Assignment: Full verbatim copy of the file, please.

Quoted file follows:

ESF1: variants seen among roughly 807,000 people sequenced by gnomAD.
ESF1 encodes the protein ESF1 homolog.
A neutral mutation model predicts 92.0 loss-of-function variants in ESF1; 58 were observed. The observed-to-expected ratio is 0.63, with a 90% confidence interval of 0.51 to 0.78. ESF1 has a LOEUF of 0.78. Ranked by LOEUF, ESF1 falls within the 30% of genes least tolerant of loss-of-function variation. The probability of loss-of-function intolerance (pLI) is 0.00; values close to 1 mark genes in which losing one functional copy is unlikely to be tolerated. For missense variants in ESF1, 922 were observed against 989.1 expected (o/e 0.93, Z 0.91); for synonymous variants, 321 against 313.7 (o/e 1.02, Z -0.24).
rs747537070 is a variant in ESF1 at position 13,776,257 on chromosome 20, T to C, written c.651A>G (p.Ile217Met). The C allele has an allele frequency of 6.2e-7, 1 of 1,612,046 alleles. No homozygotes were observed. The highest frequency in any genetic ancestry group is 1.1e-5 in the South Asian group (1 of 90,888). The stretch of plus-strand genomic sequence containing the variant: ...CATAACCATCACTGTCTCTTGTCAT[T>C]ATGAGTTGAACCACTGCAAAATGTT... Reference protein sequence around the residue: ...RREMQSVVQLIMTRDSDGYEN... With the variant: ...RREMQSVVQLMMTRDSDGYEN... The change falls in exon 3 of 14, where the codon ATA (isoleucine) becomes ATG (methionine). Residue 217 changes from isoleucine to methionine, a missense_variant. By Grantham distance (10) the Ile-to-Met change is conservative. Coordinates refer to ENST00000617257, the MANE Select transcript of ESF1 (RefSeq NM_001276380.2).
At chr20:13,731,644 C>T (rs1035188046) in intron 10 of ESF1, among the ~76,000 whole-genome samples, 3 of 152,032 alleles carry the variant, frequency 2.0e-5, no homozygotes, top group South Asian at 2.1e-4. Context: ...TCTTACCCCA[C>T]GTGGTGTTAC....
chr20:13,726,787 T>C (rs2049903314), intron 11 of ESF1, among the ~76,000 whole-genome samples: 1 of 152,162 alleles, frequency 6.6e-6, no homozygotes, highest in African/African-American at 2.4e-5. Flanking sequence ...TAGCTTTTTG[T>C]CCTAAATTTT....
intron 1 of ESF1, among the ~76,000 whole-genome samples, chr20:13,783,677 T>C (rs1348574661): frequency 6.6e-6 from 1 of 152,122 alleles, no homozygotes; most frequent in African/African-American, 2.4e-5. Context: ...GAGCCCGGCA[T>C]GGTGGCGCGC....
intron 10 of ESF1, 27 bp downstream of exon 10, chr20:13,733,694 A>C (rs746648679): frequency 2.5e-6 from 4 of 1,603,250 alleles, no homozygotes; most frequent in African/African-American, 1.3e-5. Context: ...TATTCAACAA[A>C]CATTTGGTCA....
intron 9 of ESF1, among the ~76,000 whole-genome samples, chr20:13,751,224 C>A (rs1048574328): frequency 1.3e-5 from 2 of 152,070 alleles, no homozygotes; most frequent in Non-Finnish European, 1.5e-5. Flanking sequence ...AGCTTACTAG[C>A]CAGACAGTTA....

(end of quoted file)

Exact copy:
ESF1: variants seen among roughly 807,000 people sequenced by gnomAD.
ESF1 encodes the protein ESF1 homolog.
A neutral mutation model predicts 92.0 loss-of-function variants in ESF1; 58 were observed. The observed-to-expected ratio is 0.63, with a 90% confidence interval of 0.51 to 0.78. ESF1 has a LOEUF of 0.78. Ranked by LOEUF, ESF1 falls within the 30% of genes least tolerant of loss-of-function variation. The probability of loss-of-function intolerance (pLI) is 0.00; values close to 1 mark genes in which losing one functional copy is unlikely to be tolerated. For missense variants in ESF1, 922 were observed against 989.1 expected (o/e 0.93, Z 0.91); for synonymous variants, 321 against 313.7 (o/e 1.02, Z -0.24).
rs747537070 is a variant in ESF1 at position 13,776,257 on chromosome 20, T to C, written c.651A>G (p.Ile217Met). The C allele has an allele frequency of 6.2e-7, 1 of 1,612,046 alleles. No homozygotes were observed. The highest frequency in any genetic ancestry group is 1.1e-5 in the South Asian group (1 of 90,888). The stretch of plus-strand genomic sequence containing the variant: ...CATAACCATCACTGTCTCTTGTCAT[T>C]ATGAGTTGAACCACTGCAAAATGTT... Reference protein sequence around the residue: ...RREMQSVVQLIMTRDSDGYEN... With the variant: ...RREMQSVVQLMMTRDSDGYEN... The change falls in exon 3 of 14, where the codon ATA (isoleucine) becomes ATG (methionine). Residue 217 changes from isoleucine to methionine, a missense_variant. By Grantham distance (10) the Ile-to-Met change is conservative. Coordinates refer to ENST00000617257, the MANE Select transcript of ESF1 (RefSeq NM_001276380.2).
At chr20:13,731,644 C>T (rs1035188046) in intron 10 of ESF1, among the ~76,000 whole-genome samples, 3 of 152,032 alleles carry the variant, frequency 2.0e-5, no homozygotes, top group South Asian at 2.1e-4. Context: ...TCTTACCCCA[C>T]GTGGTGTTAC....
chr20:13,726,787 T>C (rs2049903314), intron 11 of ESF1, among the ~76,000 whole-genome samples: 1 of 152,162 alleles, frequency 6.6e-6, no homozygotes, highest in African/African-American at 2.4e-5. Flanking sequence ...TAGCTTTTTG[T>C]CCTAAATTTT....
intron 1 of ESF1, among the ~76,000 whole-genome samples, chr20:13,783,677 T>C (rs1348574661): frequency 6.6e-6 from 1 of 152,122 alleles, no homozygotes; most frequent in African/African-American, 2.4e-5. Context: ...GAGCCCGGCA[T>C]GGTGGCGCGC....
intron 10 of ESF1, 27 bp downstream of exon 10, chr20:13,733,694 A>C (rs746648679): frequency 2.5e-6 from 4 of 1,603,250 alleles, no homozygotes; most frequent in African/African-American, 1.3e-5. Context: ...TATTCAACAA[A>C]CATTTGGTCA....
intron 9 of ESF1, among the ~76,000 whole-genome samples, chr20:13,751,224 C>A (rs1048574328): frequency 1.3e-5 from 2 of 152,070 alleles, no homozygotes; most frequent in Non-Finnish European, 1.5e-5. Flanking sequence ...AGCTTACTAG[C>A]CAGACAGTTA....